BEIJING It's callous when nearly 70,000 people lie dead to wonder whether anything good economically could emerge from the rubble of last month's Sichuan earthquake.
But as well as a short-term boost to output as reconstruction kicks in, there is a chance that the outpouring of civic spirit in response to the disaster may not only reshape China's politics but also strengthen its economic foundations.
The idea of social capital as a long-term driver of growth is well known to academics. The U.S. political economist Francis Fukuyama identified social cohesion as one reason why Japan and Germany recovered so quickly after World War Two.
"One of the most important lessons we can learn from an examination of economic life is that a nation's well-being, as well as its ability to compete, is conditioned by a single, pervasive cultural characteristic: the level of trust inherent in the society," Fukuyama wrote in his 1995 book "Trust".
Chinese, wary of working together for common purposes in groups beyond the family, appeared on Fukuyama's list of "low-trust societies".
The reaction to the quake challenges that appraisal. Donations of money, goods and blood poured in. An efficient relief operation seems to have strengthened the social contract between the citizenry and a leadership it often sees as aloof.
"Governments need that support which comes voluntarily, and the legitimacy that allows them to rule is derived in part from people's view of how they respond to crises," said James McCormack, head of Asia sovereigns at Fitch Ratings.
It's important, though, to keep a perspective. China has a long history of pulling together in times of crises.
In 1906, merchants in Jiangsu province mobilized to feed people after a devastating flood. Outside charity also relieved Shaanxi province when it suffered a terrible drought and widespread famine a century ago.
Chinese researcher Zhao Yandong, who has studied post-disaster recovery, says that if a community has trust only among people who know each other well, its prospects for getting back on its feet are not bright.
"Only when trust breaks through this circle of familiars and expands to include trust in strangers and institutions is the post-disaster revival of victims assured," he wrote in the Chinese-language journal "Sociological Studies" late last year.
One scenario is that if, in a burst of openness, investigations show corrupt, corner-cutting officials are to blame for the collapse of hundreds of schools, new-found trust will be rapidly exposed as hollow, said Oded Shenkar, a business professor at Ohio State University in Columbus.
But economists Ting Lu and TJ Bond with Merrill Lynch in Hong Kong are optimistic that trust can indeed put down deeper roots.
They believe the quake has created a platform for improved coordination and governance. They see signs in the way the disaster was handled of a more open society that will demand more accountability from governments and developers, building trust and trustworthiness.
"Loss of human lives cannot be measured in value, but we believe the loss in physical capital is far outpaced by the gain in social capital, which, through better institutions, could be the single most important factor for long-term stable and sustainable growth in China," they said in a research report.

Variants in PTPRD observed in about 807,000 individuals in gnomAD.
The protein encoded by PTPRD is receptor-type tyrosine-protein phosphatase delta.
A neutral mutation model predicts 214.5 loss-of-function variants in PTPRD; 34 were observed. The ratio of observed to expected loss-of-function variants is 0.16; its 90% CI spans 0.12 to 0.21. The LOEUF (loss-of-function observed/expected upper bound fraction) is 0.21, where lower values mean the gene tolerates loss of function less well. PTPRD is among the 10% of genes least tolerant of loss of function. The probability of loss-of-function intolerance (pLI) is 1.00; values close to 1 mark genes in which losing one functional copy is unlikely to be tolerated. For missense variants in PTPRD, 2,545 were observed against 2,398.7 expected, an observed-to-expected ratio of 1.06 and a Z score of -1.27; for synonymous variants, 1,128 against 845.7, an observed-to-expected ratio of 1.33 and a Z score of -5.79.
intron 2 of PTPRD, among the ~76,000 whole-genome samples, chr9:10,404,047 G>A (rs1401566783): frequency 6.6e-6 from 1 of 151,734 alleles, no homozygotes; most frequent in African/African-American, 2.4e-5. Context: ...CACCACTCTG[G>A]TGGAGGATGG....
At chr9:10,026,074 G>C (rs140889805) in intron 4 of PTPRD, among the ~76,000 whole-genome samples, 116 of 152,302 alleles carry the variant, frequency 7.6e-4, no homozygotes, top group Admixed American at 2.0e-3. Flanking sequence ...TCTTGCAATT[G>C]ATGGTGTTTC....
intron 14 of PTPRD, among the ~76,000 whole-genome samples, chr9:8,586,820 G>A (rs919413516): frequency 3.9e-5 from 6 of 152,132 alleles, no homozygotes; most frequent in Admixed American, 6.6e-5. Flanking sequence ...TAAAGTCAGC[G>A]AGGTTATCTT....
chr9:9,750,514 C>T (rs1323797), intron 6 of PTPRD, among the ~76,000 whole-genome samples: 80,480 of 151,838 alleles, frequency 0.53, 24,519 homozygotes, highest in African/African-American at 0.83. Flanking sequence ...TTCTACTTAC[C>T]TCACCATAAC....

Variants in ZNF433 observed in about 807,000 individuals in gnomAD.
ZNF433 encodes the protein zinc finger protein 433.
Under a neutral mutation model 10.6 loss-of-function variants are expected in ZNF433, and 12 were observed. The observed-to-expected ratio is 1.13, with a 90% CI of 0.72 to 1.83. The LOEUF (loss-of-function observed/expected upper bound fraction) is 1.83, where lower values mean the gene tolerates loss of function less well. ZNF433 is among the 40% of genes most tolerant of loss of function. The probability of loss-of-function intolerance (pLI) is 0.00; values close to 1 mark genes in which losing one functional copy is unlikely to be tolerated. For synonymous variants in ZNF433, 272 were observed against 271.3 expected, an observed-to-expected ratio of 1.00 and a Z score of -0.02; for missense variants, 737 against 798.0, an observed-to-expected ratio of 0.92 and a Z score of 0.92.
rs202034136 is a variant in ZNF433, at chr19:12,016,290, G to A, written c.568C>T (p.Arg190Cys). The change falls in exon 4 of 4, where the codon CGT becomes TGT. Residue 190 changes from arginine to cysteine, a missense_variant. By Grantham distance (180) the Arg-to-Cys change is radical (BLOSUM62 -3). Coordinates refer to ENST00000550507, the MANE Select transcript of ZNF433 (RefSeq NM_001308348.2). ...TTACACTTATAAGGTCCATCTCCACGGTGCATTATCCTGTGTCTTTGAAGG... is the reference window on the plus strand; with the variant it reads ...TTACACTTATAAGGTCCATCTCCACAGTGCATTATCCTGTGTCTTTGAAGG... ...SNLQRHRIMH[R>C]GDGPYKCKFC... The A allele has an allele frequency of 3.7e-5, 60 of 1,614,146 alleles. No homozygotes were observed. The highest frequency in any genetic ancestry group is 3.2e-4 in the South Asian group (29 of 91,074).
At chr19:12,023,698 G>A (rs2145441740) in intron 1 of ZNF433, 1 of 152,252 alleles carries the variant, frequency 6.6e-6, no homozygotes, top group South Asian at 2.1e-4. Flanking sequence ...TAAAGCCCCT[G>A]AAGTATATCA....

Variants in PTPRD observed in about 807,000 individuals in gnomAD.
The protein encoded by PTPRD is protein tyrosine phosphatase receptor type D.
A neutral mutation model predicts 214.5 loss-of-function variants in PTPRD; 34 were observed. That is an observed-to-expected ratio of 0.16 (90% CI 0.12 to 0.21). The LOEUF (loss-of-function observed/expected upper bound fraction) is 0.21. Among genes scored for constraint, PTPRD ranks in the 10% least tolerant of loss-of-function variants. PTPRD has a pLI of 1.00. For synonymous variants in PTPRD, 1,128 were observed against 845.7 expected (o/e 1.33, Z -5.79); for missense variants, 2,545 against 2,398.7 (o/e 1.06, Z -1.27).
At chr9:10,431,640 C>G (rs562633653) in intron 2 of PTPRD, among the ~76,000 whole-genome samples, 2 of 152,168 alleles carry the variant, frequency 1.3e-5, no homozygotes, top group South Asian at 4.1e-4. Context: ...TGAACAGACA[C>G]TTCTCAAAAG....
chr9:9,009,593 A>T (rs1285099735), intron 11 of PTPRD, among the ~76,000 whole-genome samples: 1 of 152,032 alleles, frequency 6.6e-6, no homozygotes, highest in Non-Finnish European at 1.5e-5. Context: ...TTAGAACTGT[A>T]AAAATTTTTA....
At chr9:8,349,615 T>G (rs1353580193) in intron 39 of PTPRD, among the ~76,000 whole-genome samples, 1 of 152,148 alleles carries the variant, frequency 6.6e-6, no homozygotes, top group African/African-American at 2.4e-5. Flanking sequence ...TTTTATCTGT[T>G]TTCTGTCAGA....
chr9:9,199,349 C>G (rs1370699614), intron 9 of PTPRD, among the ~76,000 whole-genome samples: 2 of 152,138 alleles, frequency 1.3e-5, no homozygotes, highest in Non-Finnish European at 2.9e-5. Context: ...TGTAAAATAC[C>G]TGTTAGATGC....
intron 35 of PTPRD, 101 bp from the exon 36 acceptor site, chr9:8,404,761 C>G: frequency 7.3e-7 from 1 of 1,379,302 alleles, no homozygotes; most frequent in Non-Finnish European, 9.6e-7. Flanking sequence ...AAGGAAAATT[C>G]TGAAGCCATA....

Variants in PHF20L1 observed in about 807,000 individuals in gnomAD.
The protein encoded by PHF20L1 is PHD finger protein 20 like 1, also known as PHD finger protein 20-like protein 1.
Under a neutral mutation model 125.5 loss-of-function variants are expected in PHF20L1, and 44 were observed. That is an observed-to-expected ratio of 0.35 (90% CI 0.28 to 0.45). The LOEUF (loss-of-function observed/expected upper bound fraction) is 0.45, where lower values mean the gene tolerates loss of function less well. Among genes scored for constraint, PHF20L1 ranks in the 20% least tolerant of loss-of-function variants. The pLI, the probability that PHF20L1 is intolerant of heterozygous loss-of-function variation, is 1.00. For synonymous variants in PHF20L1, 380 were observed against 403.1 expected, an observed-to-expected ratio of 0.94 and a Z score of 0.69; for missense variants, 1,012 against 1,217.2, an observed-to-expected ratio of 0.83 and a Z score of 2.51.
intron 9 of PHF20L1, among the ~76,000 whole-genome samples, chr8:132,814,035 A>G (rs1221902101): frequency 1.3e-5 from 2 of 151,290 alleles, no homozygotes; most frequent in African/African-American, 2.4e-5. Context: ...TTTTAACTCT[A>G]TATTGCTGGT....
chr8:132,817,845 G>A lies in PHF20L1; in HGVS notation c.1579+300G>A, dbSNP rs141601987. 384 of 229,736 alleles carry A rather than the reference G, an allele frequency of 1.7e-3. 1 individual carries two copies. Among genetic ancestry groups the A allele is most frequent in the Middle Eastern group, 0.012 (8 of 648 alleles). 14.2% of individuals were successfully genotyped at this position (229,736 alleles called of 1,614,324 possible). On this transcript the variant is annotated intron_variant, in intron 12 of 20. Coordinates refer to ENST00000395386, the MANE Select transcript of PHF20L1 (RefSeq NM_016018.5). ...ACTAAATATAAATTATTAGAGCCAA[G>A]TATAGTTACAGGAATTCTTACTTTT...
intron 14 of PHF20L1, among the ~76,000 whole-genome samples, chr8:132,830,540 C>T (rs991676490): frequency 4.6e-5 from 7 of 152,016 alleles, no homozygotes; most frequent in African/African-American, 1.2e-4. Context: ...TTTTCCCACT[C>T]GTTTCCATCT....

Increased social cohesion, with its hard-to-measure knock-on effects, may well be the main outcome of what should have been China's signature event in 2008, the Beijing Olympics.
China's citizens are likely to be able to take collective pride in a well-run Games.
From an economic point of view, analysts have always been confident that the economy would not grind to a halt once a splurge on Olympics investment ends.
Other capitals have suffered a post-Games growth hangover, but Beijing accounts for just 3.7 percent of Chinese gross domestic product and Olympics-related capital spending made up only 1.0 percent of nationwide investment in 2003-2007.
Yu Xiuqin, deputy head of the Beijing municipal bureau of statistics, has said the Olympics contributed less than 1.7 percentage points to the capital's growth in the seven years since it won the bid.
Of course, it's impossible to guess how many projects across China have been approved in recent years by bankers and planners intoxicated by a patriotic Olympic spirit.
But China has plenty on its wish-list to take up the slack.
Beijing is planning to start building 11 satellite cities. Shanghai has the 2010 World Expo coming. Fierce winter weather this year exposed the shortcomings of China's national rail network and power grid, while a drive to strengthen building standards may well boost investment beyond the quake zone.
Jun Ma, Deutsche Bank's chief China economist, last week raised his 2008 and 2009 GDP forecasts by 0.7 and 0.4 percentage points respectively to reflect a burst of post-quake investment.
Building better schools would be a fitting tribute to the thousands of pupils killed in the quake.
No investment yields better returns than money spent on education. Which makes it all the more unconscionable that the 156.2 billion yuan that the government plans to spend this year on education, albeit up 45 percent, is about half the sum it spent running official vehicles in 2004.
Will the budget be rebalanced radically to help the disadvantaged rather than the powerful?
Will the Communist Party abandon its reflex to keep media and non-governmental organizations on the tightest of leashes?
Will secrecy give way to transparency and accountability?
The quake and the Olympics may set off a chain reaction that means the answer to all those questions will, over time, be yes. But it's perhaps wise to suspend judgment on whether China is graduating from a low-trust to a high-trust society. History is best written well after the event.
(Reporting by Alan Wheatley and Chris Buckley; editing by Neil Fullick)